Wheels & Tires: Derby Carbon hoops, Onyx hubs, Maxxis/Specialized Tires
Reasoning: The goal was bulletproof reliability. Over the past few years, I’ve had three pairs of Derby carbon hoops, ridden them very hard and never had any issues. The DH layup was selected with 34.5mm internal width. The width offers a nice balance between stability, grip and an acceptable amount of squirm when paired with a 2.4-2.5” tubeless tire setup. This was my first experience with Onyx hubs, and they are amazing. Instant engagement, total silence, and super low resistance when coasting. For tires, I love my Minions – 2.5” DHF up front. In the rear, I swap between a few tires – DHF or DHRII 2.4” when the terrain is chunky or wet, Aggressor when I expect to do some technical pedaling for some traction while rolling reasonably fast, and a Specialized Slaughter 2.3 in the dry, which rolls ridiculously fast, has nice big side lugs to catch you. The only knock is it just tends to peel out and slip when pedaling up steep bits.
Suspension: FOX 36 Float RC2, FOX X2
Reasoning: The 36 handles its 170mm of travel with minimal flex and has the RC2 damper, providing a wide range of adjustability (H/LSC, LSR). I selected standard (that’s a funny term) hub width, using the larger 110mm x 20mm axle. The 36’s air spring allows tuning the spring curve, helping to balance small bump compliance with firm end-stroke support. The X2 offers even more damping adjustability (HSC/R, LSC/R) and has enough ramp-up via volume spacers to merge well with this frame’s kinematics. The climb switch also helps neutralize the pedal bob on long grinds.
Dropper and Saddle: KS LEV IR, 175mm, Specialized Henge 155mm
Reasoning: Over the years I’ve ridden over a half dozen droppers and have had the best experiences with KS and like its smooth, damped action (that doesn’t smack ya!). Yes, I’ve had one KS fail, but the entire cartridge is quite simple to replace. Also, if you haven’t tried 175mm, don’t do it unless you want to buy a new post. With a 33” inseam, I cannot go back to even 150mm. The saddle is something I always have to swap out due to wider sit bones, and it’s nice to see more companies offering saddle width options. A Specialized Henge in 155mm was selected due to its long nose, to allow for a more forward position while climbing.
Drivetrain, backside: Shimano XT Derailleur, E13 TRSr Cassette
Reasoning: This was mostly personal preference on the derailleur, though I’ve had much better luck with the Shimano clutch than SRAM. However, I do miss that genius lock button that SRAM derailleurs have. The XT derailleur is robust, holds up well and is quite inexpensive in case a rock gets hungry. For cassettes selection, the starting point was an XD driver. I was initially skeptical about them due to the short engagement tabs between hub and cassette, but it’s held up very well and the weight savings are awesome. For that driver body, I’ve swapped between SRAM 10-42 and E13 9-46 on this bike, landing on the E13. The range is quite pleasing, shifting performance isn’t quite as smooth as with the SRAM cassette but shifts are executed each time.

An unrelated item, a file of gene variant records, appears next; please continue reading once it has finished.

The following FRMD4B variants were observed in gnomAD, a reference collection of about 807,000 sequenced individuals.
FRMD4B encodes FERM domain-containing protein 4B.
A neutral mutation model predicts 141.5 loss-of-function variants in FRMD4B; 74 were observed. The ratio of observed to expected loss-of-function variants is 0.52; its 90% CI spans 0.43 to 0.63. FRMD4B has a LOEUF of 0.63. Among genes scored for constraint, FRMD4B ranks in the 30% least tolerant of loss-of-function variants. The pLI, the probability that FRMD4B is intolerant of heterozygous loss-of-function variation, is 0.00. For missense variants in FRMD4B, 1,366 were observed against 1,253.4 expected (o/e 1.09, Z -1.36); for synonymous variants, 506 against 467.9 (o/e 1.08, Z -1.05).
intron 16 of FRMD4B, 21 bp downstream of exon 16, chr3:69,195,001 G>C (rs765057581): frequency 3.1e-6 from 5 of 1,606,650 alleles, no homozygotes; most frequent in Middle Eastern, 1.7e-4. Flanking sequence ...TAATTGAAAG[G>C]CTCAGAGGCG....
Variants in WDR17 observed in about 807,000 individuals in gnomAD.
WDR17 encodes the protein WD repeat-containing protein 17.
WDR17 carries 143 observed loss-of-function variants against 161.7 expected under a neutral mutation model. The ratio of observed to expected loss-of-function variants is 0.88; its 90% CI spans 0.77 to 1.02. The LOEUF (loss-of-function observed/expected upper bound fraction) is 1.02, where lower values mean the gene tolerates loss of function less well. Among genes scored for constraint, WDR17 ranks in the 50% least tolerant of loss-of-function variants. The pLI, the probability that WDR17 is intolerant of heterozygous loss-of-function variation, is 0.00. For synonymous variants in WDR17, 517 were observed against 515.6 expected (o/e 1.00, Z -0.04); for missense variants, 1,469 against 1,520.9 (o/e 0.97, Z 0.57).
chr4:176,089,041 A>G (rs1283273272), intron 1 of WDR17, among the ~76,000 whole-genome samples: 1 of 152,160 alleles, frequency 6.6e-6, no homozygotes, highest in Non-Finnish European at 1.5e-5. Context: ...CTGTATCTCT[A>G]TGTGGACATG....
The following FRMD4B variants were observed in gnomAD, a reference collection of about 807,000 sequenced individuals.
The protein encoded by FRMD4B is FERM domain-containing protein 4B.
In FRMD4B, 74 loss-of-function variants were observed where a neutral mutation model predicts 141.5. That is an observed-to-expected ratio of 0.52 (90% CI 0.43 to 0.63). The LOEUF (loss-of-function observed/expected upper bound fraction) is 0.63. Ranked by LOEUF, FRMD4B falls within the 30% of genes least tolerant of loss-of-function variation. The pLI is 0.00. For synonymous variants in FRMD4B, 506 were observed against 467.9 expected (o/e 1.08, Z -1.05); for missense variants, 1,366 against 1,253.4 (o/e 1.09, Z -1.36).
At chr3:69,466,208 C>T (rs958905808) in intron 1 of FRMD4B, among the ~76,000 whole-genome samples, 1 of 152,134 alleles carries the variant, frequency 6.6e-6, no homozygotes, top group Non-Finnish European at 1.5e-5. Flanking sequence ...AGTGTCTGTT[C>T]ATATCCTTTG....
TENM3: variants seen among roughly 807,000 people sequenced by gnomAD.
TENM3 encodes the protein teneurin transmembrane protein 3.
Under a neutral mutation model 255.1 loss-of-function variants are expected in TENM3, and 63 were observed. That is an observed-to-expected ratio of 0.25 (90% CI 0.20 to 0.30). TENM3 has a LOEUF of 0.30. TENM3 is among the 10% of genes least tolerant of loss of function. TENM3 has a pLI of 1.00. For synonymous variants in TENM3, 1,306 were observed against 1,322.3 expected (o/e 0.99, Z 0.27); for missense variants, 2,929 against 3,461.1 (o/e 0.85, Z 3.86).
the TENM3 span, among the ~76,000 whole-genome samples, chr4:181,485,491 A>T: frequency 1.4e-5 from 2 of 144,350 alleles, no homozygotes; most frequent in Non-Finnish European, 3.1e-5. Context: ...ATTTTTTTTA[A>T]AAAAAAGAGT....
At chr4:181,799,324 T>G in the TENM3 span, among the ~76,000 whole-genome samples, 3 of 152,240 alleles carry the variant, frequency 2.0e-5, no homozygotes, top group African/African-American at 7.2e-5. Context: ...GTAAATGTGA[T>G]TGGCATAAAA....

Drivetrain, frontside: Race Face SIXC Cranks, AbsoluteBlack Oval Ring, KMC X11SL Ti Nitride, MRP AMg, VP Harrier pedals
Reasoning: The Race Face SIXC cranks handle my 200 lb weight with zero qualms and have done well on my other bikes, are relatively light and have proven durable. With the low bottom bracket height, 170mm cranks were selected. When moving from 175mm, spinning feels a tad funny at first, but you forget about it quickly. Their 30mm spindle passes through a Real World Cycling BSA 30 threaded bottom bracket, with angular contact stainless bearings.
AbsoluteBlack oval rings are on most of my bikes and the added inertia they provide when getting into the power portion of the stroke is like a running start at a hill. They are cinch compatible and offer multiple ring offsets to get a proper chainline, plus have excellent longevity. A KMC X11SL chain links the drivetrain together, is quite stout at reasonable weight and looks pretty dang cool. An MRP AMg holds the chain on for the rare occasions it tries to step off and offers a bit of protection for the ring. These VP Harriers have been performed well on many bikes for me, support a large foot very well and are fairly thin. When the bushings wear, rebuild is a simple process.
Cockpit: Shimano XTR Shifter, Renthal Carbon Fatbar 35 bars, Apex 35 stem, Sensus Disisdaboss grips, KS Southpaw dropper lever
Reasoning: The Shimano XTR shifter was selected over XT for its precision internals. Renthal’s handlebars have held up quite well and have the angles I like, keeping them at their full 800mm width lines things up well with my shoulders. The Renthal Apex 33mm long stem is perfect for my riding style. After trying Sensus grips, you’ll wonder why you’ve used anything else. For riding with gloves, the Disisdaboss has just the right amount of grip and the double lock eliminates housing flex. For riding without gloves, the Swayze offers a tad more grip. Concluding the setup is the KS Southpaw dropper lever, placing the lever below the bars and having a reasonably light feel.
Suggestions or questions about my build? What would you have done differently?